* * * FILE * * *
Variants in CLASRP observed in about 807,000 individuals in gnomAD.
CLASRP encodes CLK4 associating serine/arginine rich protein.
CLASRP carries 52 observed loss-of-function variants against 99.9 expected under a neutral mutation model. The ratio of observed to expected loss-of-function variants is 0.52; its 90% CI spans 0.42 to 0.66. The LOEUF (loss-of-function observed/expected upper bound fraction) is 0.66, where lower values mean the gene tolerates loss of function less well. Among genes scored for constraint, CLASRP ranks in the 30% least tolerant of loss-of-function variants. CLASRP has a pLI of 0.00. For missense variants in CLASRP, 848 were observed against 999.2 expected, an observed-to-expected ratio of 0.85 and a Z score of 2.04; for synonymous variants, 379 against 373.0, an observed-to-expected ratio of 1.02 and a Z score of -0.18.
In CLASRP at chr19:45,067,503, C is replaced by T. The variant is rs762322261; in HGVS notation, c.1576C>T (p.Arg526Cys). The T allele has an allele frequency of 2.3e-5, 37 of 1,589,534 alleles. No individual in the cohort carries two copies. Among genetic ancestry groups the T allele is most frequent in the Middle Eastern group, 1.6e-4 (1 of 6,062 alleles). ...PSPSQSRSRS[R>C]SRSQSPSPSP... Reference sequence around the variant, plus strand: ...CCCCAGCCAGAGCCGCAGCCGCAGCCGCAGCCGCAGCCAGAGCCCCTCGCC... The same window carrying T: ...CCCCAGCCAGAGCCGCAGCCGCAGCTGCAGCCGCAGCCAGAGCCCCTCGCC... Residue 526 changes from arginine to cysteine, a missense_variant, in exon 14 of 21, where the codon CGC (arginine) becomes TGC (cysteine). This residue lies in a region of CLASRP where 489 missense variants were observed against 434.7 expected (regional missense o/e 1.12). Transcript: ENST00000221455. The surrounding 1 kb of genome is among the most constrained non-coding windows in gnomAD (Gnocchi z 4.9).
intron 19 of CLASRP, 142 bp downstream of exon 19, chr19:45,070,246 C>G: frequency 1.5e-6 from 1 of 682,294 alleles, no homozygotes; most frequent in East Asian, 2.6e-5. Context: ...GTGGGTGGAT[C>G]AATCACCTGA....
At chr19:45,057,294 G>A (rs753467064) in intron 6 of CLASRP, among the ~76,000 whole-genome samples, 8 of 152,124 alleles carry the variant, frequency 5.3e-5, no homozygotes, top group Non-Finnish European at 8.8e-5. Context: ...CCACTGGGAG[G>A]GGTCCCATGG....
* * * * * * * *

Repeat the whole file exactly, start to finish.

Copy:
Variants in CLASRP observed in about 807,000 individuals in gnomAD.
CLASRP encodes CLK4 associating serine/arginine rich protein.
CLASRP carries 52 observed loss-of-function variants against 99.9 expected under a neutral mutation model. The ratio of observed to expected loss-of-function variants is 0.52; its 90% CI spans 0.42 to 0.66. The LOEUF (loss-of-function observed/expected upper bound fraction) is 0.66, where lower values mean the gene tolerates loss of function less well. Among genes scored for constraint, CLASRP ranks in the 30% least tolerant of loss-of-function variants. CLASRP has a pLI of 0.00. For missense variants in CLASRP, 848 were observed against 999.2 expected, an observed-to-expected ratio of 0.85 and a Z score of 2.04; for synonymous variants, 379 against 373.0, an observed-to-expected ratio of 1.02 and a Z score of -0.18.
In CLASRP at chr19:45,067,503, C is replaced by T. The variant is rs762322261; in HGVS notation, c.1576C>T (p.Arg526Cys). The T allele has an allele frequency of 2.3e-5, 37 of 1,589,534 alleles. No individual in the cohort carries two copies. Among genetic ancestry groups the T allele is most frequent in the Middle Eastern group, 1.6e-4 (1 of 6,062 alleles). ...PSPSQSRSRS[R>C]SRSQSPSPSP... Reference sequence around the variant, plus strand: ...CCCCAGCCAGAGCCGCAGCCGCAGCCGCAGCCGCAGCCAGAGCCCCTCGCC... The same window carrying T: ...CCCCAGCCAGAGCCGCAGCCGCAGCTGCAGCCGCAGCCAGAGCCCCTCGCC... Residue 526 changes from arginine to cysteine, a missense_variant, in exon 14 of 21, where the codon CGC (arginine) becomes TGC (cysteine). This residue lies in a region of CLASRP where 489 missense variants were observed against 434.7 expected (regional missense o/e 1.12). Transcript: ENST00000221455. The surrounding 1 kb of genome is among the most constrained non-coding windows in gnomAD (Gnocchi z 4.9).
intron 19 of CLASRP, 142 bp downstream of exon 19, chr19:45,070,246 C>G: frequency 1.5e-6 from 1 of 682,294 alleles, no homozygotes; most frequent in East Asian, 2.6e-5. Context: ...GTGGGTGGAT[C>G]AATCACCTGA....
At chr19:45,057,294 G>A (rs753467064) in intron 6 of CLASRP, among the ~76,000 whole-genome samples, 8 of 152,124 alleles carry the variant, frequency 5.3e-5, no homozygotes, top group Non-Finnish European at 8.8e-5. Context: ...CCACTGGGAG[G>A]GGTCCCATGG....